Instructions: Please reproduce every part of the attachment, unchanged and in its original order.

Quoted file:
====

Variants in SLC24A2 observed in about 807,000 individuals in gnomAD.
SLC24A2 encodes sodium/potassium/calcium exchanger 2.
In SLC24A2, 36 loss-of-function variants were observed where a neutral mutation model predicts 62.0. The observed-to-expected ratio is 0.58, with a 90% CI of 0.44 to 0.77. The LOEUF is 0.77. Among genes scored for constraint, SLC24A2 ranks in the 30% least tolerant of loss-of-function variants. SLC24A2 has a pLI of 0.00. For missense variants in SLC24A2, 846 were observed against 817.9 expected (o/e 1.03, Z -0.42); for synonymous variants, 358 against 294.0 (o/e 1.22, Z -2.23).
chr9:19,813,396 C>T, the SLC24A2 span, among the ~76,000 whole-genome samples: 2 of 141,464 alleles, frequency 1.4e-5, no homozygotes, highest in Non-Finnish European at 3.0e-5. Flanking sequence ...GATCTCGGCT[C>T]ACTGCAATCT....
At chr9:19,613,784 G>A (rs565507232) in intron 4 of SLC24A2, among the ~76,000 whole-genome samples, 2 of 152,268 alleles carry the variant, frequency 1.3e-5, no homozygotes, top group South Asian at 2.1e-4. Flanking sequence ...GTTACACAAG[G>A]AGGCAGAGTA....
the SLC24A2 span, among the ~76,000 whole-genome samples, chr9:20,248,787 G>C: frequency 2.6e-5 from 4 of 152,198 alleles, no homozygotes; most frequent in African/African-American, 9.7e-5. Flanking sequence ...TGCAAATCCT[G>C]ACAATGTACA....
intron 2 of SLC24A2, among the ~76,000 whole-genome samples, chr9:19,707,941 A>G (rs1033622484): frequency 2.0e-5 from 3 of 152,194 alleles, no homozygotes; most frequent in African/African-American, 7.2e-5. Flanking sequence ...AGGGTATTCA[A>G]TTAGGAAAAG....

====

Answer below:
Variants in SLC24A2 observed in about 807,000 individuals in gnomAD.
SLC24A2 encodes sodium/potassium/calcium exchanger 2.
In SLC24A2, 36 loss-of-function variants were observed where a neutral mutation model predicts 62.0. The observed-to-expected ratio is 0.58, with a 90% CI of 0.44 to 0.77. The LOEUF is 0.77. Among genes scored for constraint, SLC24A2 ranks in the 30% least tolerant of loss-of-function variants. SLC24A2 has a pLI of 0.00. For missense variants in SLC24A2, 846 were observed against 817.9 expected (o/e 1.03, Z -0.42); for synonymous variants, 358 against 294.0 (o/e 1.22, Z -2.23).
chr9:19,813,396 C>T, the SLC24A2 span, among the ~76,000 whole-genome samples: 2 of 141,464 alleles, frequency 1.4e-5, no homozygotes, highest in Non-Finnish European at 3.0e-5. Flanking sequence ...GATCTCGGCT[C>T]ACTGCAATCT....
At chr9:19,613,784 G>A (rs565507232) in intron 4 of SLC24A2, among the ~76,000 whole-genome samples, 2 of 152,268 alleles carry the variant, frequency 1.3e-5, no homozygotes, top group South Asian at 2.1e-4. Flanking sequence ...GTTACACAAG[G>A]AGGCAGAGTA....
the SLC24A2 span, among the ~76,000 whole-genome samples, chr9:20,248,787 G>C: frequency 2.6e-5 from 4 of 152,198 alleles, no homozygotes; most frequent in African/African-American, 9.7e-5. Flanking sequence ...TGCAAATCCT[G>C]ACAATGTACA....
intron 2 of SLC24A2, among the ~76,000 whole-genome samples, chr9:19,707,941 A>G (rs1033622484): frequency 2.0e-5 from 3 of 152,194 alleles, no homozygotes; most frequent in African/African-American, 7.2e-5. Flanking sequence ...AGGGTATTCA[A>G]TTAGGAAAAG....